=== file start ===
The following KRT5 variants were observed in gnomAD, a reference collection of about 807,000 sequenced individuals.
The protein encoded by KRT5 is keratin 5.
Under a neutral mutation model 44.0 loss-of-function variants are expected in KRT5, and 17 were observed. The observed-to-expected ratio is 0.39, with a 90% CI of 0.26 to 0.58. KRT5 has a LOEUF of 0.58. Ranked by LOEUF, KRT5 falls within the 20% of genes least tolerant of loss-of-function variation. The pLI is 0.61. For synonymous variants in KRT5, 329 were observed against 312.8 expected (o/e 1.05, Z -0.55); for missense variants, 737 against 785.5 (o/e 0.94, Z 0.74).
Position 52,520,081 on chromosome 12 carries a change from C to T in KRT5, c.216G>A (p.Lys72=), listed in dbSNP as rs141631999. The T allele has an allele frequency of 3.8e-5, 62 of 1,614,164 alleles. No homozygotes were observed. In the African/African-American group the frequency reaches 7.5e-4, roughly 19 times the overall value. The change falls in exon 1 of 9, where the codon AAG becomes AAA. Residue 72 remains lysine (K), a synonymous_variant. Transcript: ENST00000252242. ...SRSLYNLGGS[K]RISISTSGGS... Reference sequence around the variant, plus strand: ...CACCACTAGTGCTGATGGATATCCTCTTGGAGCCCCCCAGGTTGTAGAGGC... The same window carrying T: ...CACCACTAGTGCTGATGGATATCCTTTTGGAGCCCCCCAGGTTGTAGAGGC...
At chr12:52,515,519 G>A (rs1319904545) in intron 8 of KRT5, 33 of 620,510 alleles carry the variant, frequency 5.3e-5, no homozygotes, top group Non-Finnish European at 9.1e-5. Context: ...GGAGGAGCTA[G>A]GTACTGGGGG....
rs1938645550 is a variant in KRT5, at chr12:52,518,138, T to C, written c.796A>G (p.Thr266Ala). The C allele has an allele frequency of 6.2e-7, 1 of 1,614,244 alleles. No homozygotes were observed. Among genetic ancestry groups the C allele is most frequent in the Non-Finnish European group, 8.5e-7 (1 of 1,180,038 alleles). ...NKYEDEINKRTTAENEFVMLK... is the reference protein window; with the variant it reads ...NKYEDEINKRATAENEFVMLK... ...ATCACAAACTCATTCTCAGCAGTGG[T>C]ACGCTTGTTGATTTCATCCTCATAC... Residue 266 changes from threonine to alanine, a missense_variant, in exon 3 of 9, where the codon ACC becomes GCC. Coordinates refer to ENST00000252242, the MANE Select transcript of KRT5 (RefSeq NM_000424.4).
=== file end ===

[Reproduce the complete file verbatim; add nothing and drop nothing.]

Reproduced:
The following KRT5 variants were observed in gnomAD, a reference collection of about 807,000 sequenced individuals.
The protein encoded by KRT5 is keratin 5.
Under a neutral mutation model 44.0 loss-of-function variants are expected in KRT5, and 17 were observed. The observed-to-expected ratio is 0.39, with a 90% CI of 0.26 to 0.58. KRT5 has a LOEUF of 0.58. Ranked by LOEUF, KRT5 falls within the 20% of genes least tolerant of loss-of-function variation. The pLI is 0.61. For synonymous variants in KRT5, 329 were observed against 312.8 expected (o/e 1.05, Z -0.55); for missense variants, 737 against 785.5 (o/e 0.94, Z 0.74).
Position 52,520,081 on chromosome 12 carries a change from C to T in KRT5, c.216G>A (p.Lys72=), listed in dbSNP as rs141631999. The T allele has an allele frequency of 3.8e-5, 62 of 1,614,164 alleles. No homozygotes were observed. In the African/African-American group the frequency reaches 7.5e-4, roughly 19 times the overall value. The change falls in exon 1 of 9, where the codon AAG becomes AAA. Residue 72 remains lysine (K), a synonymous_variant. Transcript: ENST00000252242. ...SRSLYNLGGS[K]RISISTSGGS... Reference sequence around the variant, plus strand: ...CACCACTAGTGCTGATGGATATCCTCTTGGAGCCCCCCAGGTTGTAGAGGC... The same window carrying T: ...CACCACTAGTGCTGATGGATATCCTTTTGGAGCCCCCCAGGTTGTAGAGGC...
At chr12:52,515,519 G>A (rs1319904545) in intron 8 of KRT5, 33 of 620,510 alleles carry the variant, frequency 5.3e-5, no homozygotes, top group Non-Finnish European at 9.1e-5. Context: ...GGAGGAGCTA[G>A]GTACTGGGGG....
rs1938645550 is a variant in KRT5, at chr12:52,518,138, T to C, written c.796A>G (p.Thr266Ala). The C allele has an allele frequency of 6.2e-7, 1 of 1,614,244 alleles. No homozygotes were observed. Among genetic ancestry groups the C allele is most frequent in the Non-Finnish European group, 8.5e-7 (1 of 1,180,038 alleles). ...NKYEDEINKRTTAENEFVMLK... is the reference protein window; with the variant it reads ...NKYEDEINKRATAENEFVMLK... ...ATCACAAACTCATTCTCAGCAGTGG[T>C]ACGCTTGTTGATTTCATCCTCATAC... Residue 266 changes from threonine to alanine, a missense_variant, in exon 3 of 9, where the codon ACC becomes GCC. Coordinates refer to ENST00000252242, the MANE Select transcript of KRT5 (RefSeq NM_000424.4).